Paul Satz INS Career Mentoring Award
Due Date: Nominations may be submitted at any time. Ideally, awards nominations will be received four months prior to the meeting where the award is to be given (either the Annual or Mid-Year Meeting). For an award to be considered for the INS Mid-Year Meeting, please submit nominations by March 31st. For an award to be considered for the INS Annual Meeting, please submit nominations by September 30th of the prior year. Nominations are typically kept under consideration for future meetings if not awarded at a certain meeting (unless the nomination is not eligible).
1Terminal degree can be either a PhD degree, a master or a certified clinical degree (may vary across countries)
Dr. Manly is an absolute powerhouse researcher, scholar, leader, advocate, educator, mentor, and role model. Her career in neuropsychology of over 20 years has not only changed the scientific and public discourse regarding cultural factors and brain-behavior relationships, but has also touched the lives and careers of many mentees. Dr. Manly is beyond deserving of this award because of her dedicated and effective mentoring to students in high school, undergraduate, and graduate school, as well as research assistants and postdoctoral fellows in both research and clinical settings.
Dr. Bernstein epitomizes an individual whose mentoring and teaching activities “have made a profound impact on careers of students in the field of neuropsychology,” the key criterion for the Paul Satz/INS Career Mentoring Award. When we also consider the trainees of her trainees—and their trainees—Dr. Bernstein’s reach becomes truly worldwide. She is the professional grandmother—and greatgrandmother— of many leading pediatric neuropsychologists, all of whom consider themselves fortunate to have fallen into her sphere of influence.
Knowledge translation is one of the priorities for Dr. Łojek. She is the author of over 11 books, 80 scientific articles and chapters on a wide range of topics from communication disorders in brain damaged patients, neuropsychological changes in neurodegenerative and psychiatric diseases, to the stability of neurocognitive patterns in HIV infection. She is the main author of the Depression Questionnaire (KPD) and the RHLB-PL for Children. As an author or co-author she has adapted and standardized neuropsychological tests in Polish (H-RNTB, RHLB, RFFT, CVLT, CTT, CTT-C, BDI-II_PL). The upcoming publication “Life and aging with HIV. Interdisciplinary approach” has been nominated for the National Science and Education Award for the Best Educational Manual of the University of Warsaw.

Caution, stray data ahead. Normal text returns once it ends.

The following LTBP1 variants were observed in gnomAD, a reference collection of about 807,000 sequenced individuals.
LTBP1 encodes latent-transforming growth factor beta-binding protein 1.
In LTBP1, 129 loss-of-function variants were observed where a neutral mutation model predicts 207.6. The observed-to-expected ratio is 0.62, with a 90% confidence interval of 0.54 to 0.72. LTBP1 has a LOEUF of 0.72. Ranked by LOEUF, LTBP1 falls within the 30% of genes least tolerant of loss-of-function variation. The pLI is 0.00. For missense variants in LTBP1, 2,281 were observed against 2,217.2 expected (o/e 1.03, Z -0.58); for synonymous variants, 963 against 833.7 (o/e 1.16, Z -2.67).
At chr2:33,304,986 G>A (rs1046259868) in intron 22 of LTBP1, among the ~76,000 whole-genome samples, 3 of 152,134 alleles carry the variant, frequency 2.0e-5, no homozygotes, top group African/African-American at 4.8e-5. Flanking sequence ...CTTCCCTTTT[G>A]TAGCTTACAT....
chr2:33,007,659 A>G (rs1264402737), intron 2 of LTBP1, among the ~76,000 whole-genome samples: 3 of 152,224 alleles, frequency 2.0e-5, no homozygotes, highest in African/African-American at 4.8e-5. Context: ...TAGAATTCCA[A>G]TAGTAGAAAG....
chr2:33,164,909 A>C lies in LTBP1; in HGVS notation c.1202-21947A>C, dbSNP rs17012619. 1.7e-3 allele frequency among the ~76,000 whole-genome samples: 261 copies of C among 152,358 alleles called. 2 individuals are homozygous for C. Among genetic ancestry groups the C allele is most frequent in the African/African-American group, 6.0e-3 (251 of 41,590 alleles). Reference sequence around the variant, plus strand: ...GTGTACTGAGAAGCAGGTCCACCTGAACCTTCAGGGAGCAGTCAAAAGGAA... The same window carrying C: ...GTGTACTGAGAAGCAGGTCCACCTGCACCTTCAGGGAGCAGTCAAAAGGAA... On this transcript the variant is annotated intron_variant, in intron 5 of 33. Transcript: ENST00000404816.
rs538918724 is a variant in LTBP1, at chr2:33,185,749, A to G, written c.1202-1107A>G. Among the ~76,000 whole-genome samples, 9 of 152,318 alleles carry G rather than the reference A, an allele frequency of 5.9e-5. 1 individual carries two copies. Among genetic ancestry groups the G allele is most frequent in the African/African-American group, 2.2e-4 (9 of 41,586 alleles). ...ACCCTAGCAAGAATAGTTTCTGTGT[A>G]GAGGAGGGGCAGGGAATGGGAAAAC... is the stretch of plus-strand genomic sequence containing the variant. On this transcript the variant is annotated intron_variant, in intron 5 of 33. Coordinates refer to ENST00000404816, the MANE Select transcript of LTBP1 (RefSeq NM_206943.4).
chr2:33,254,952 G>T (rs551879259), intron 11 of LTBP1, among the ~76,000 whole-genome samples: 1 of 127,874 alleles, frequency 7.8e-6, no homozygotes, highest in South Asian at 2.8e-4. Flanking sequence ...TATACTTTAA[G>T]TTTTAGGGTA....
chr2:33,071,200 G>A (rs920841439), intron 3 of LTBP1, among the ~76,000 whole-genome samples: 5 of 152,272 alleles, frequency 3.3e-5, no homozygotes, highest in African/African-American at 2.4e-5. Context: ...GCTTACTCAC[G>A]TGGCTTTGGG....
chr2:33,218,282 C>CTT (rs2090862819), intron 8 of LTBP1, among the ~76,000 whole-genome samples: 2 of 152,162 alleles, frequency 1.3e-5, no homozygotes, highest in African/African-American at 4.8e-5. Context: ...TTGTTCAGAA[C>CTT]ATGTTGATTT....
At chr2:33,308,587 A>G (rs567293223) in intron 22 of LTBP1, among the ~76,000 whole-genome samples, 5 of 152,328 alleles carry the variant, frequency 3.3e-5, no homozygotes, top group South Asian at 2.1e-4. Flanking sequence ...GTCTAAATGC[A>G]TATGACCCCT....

One former trainee quoted the writings of Robert Frost, “I am not a teacher, but an awakener” to elegantly describe Tony’s mentorship style. He seamlessly coordinates multiple responsibilities (training, clinical, research, service, personal) all while exciting and motivating those around him to excel. Tony is able to focus his trainees’ enthusiasm and efforts to maximize their success. He not only listens to his trainees’ needs but actually hears them and works tirelessly to ensure their success – even when it comes at his personal cost.
In considering Professor Tollman’s overall impact, what is most impressive is that even post-retirement from the University she has continued to extend “ladders” to students and colleagues in areas that are relevant for the South African context. In short, Professor Tollman stands out clearly as an eminent early leader of clinical neuropsychology in South Africa, warranting the title of “doyenne” of its emergence as a field of academic and professional relevance in the country.